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Thursday, May 3, 2007


We had Members Meeting at church last night; the periodic review of a portion of the Rules and Discipline. Those meetings are generally considered ho-hum, not inspiring. But I actually was inspired last night.
The last time we had a Members Meeting we reviewed the first section of the Discipline which contains the Eighteen Articles of Faith. Our Anabaptist forefathers in Europe wrote several confessions of faith. One of the best was written in Dordrecht, Holland, in 1632 and adopted by Pennsylvania Mennonites at their conference in 1725. The Eighteen Articles of Faith which we have today was adopted by the Mennonite General Conference in 1921 and is a restatement of the Dordrecht Confession written nearly 300 years earlier.
The first Article concerns the Word of God. It says, "We believe in the plenary and verbal inspiration of the Bible as the Word of God; that it is authentic in its matter, authoritative in its counsels, inerrant in the original writings, and the only infallible rule of faith and practice."
Stop on the fifth word. What does plenary mean? You're smarter than me if you know. I had to go to a dictionary. It means "full, complete, absolute."
This First Article of Faith is the foundational belief on which every other thing I believe is built. The Bible is the full and complete Word of God. Nothing will ever be added. It is the absolute Word of God. Nothing will ever be changed. It says what it means and means what it says.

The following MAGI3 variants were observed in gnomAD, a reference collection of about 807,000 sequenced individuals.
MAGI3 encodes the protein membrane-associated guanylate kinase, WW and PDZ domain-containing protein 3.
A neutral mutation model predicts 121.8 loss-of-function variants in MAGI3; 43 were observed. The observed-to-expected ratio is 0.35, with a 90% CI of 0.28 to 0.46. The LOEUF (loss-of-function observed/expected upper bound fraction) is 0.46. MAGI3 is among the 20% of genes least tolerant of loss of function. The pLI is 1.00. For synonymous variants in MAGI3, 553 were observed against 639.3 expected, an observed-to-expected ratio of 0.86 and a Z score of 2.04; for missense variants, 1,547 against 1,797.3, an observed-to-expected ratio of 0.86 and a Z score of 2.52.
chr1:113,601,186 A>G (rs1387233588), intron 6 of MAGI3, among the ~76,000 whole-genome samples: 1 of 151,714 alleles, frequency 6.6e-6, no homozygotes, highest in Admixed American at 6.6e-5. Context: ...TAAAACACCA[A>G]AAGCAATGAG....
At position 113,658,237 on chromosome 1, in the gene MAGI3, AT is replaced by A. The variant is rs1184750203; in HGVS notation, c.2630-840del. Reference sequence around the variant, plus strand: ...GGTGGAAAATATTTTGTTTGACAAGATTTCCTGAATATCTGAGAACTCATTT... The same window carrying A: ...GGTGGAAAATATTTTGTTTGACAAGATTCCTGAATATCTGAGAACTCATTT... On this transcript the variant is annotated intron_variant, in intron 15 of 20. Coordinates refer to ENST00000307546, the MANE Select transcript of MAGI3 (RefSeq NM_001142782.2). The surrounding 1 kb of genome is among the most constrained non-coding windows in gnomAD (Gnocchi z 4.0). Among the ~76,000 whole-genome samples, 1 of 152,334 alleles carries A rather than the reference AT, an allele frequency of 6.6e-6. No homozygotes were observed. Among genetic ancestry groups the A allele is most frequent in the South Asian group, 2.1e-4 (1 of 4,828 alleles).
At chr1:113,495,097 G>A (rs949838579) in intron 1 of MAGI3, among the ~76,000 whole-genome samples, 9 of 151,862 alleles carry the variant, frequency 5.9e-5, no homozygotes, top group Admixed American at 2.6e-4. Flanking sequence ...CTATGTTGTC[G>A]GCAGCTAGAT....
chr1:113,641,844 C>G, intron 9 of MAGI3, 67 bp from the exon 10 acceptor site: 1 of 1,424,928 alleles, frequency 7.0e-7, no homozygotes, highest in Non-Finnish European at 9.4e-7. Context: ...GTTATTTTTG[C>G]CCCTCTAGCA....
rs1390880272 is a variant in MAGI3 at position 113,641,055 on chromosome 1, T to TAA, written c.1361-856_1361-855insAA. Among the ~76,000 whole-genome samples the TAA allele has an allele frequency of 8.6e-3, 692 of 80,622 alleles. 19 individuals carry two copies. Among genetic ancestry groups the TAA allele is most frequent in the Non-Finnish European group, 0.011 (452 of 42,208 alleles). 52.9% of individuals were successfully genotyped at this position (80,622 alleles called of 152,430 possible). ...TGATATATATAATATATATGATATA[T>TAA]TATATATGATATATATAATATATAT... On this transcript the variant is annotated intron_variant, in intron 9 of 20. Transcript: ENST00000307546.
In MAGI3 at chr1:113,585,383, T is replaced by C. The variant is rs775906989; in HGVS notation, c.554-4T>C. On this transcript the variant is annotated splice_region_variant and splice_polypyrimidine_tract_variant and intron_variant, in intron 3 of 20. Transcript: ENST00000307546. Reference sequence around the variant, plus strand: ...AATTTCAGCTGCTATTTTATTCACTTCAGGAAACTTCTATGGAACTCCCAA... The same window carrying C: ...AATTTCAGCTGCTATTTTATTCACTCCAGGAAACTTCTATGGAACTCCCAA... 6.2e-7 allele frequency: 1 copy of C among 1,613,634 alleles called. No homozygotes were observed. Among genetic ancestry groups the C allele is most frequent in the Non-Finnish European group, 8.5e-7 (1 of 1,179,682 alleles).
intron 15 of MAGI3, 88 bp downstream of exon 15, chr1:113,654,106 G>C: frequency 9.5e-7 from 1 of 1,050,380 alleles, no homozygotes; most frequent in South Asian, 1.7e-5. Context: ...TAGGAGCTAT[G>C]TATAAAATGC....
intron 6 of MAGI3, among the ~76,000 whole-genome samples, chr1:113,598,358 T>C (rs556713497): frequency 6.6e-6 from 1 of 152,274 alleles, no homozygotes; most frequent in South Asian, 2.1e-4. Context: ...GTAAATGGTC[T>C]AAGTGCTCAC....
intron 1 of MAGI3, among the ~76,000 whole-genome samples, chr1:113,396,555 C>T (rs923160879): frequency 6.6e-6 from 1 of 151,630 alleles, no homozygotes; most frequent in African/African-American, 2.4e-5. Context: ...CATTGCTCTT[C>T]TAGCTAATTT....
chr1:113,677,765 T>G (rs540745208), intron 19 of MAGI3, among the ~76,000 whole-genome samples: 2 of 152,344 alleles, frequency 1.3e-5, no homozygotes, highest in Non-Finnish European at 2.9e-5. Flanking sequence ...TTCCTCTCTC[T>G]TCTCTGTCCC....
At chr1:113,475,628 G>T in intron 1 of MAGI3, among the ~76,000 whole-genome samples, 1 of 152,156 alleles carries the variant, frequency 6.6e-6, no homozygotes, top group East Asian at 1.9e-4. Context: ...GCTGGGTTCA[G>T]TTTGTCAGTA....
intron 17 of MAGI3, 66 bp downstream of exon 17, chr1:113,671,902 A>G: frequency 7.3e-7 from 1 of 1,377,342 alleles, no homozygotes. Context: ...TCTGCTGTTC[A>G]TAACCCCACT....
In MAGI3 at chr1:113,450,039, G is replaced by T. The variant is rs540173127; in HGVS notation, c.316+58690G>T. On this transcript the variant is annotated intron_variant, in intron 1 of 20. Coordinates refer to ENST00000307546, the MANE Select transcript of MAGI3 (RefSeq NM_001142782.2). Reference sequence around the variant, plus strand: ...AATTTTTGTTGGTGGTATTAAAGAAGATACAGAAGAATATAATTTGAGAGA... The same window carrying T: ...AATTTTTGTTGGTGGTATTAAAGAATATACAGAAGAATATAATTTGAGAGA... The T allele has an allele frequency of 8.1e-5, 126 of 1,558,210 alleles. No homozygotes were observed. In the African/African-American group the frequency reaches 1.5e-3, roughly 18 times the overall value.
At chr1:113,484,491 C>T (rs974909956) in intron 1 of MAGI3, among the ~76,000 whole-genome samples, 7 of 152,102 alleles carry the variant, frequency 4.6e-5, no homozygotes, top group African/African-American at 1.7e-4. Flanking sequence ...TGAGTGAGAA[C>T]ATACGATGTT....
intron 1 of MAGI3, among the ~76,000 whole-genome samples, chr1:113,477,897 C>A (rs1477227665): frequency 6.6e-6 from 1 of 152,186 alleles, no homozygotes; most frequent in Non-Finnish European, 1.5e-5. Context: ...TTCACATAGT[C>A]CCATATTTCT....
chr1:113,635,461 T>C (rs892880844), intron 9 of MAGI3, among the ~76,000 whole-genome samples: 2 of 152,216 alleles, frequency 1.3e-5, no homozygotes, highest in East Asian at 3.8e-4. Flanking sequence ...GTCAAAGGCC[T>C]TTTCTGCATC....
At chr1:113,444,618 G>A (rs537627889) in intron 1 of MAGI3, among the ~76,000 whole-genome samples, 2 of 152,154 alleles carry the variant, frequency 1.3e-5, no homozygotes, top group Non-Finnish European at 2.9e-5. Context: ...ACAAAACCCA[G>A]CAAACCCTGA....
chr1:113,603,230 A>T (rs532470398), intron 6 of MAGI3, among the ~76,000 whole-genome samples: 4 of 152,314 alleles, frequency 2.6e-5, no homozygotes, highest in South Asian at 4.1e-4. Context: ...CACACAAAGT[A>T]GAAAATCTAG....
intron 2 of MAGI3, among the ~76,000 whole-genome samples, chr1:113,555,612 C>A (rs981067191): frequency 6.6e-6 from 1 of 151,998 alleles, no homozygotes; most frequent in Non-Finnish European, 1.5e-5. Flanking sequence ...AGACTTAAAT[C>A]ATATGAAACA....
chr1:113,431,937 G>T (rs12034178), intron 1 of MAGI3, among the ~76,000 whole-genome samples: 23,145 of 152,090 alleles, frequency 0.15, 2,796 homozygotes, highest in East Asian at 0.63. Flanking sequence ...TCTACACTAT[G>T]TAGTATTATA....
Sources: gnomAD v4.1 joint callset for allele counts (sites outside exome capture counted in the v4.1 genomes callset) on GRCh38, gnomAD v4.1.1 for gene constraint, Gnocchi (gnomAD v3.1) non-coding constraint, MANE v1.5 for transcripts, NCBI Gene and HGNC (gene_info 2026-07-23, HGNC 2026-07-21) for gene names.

In contrast, the portion of the Discipline we reviewed last night was the man-made rules concerning how the church is to operate and how the principles of the Bible are to be applied to daily life. That portion of the Discipline has undergone many changes in the history of the Mennonite Church, and there is great variety in these rules among various groups and conferences of Mennonites. Why? Because the man-made rules are not plenary. They were written by fallible men who (unlike God) are not immutable and omniscient.
Our Anabaptist forefathers would not have been able to imagine the world we live in today. They could not have written a set of rules which would address the issues of the 21st century--e.g. guidelines on proper use of the computer. Man-made rules change as the world in which we live changes. But they could (and did) write a Statement of Faith that is just as applicable to us today as it was in 1632. That is because the Word of God is unchanging. I can stake my life and my eternal future on the plenary Word of God and be secure for time and eternity. A thousand years after I have died, the requirements for eternal life will be the same. THAT is inspiring!

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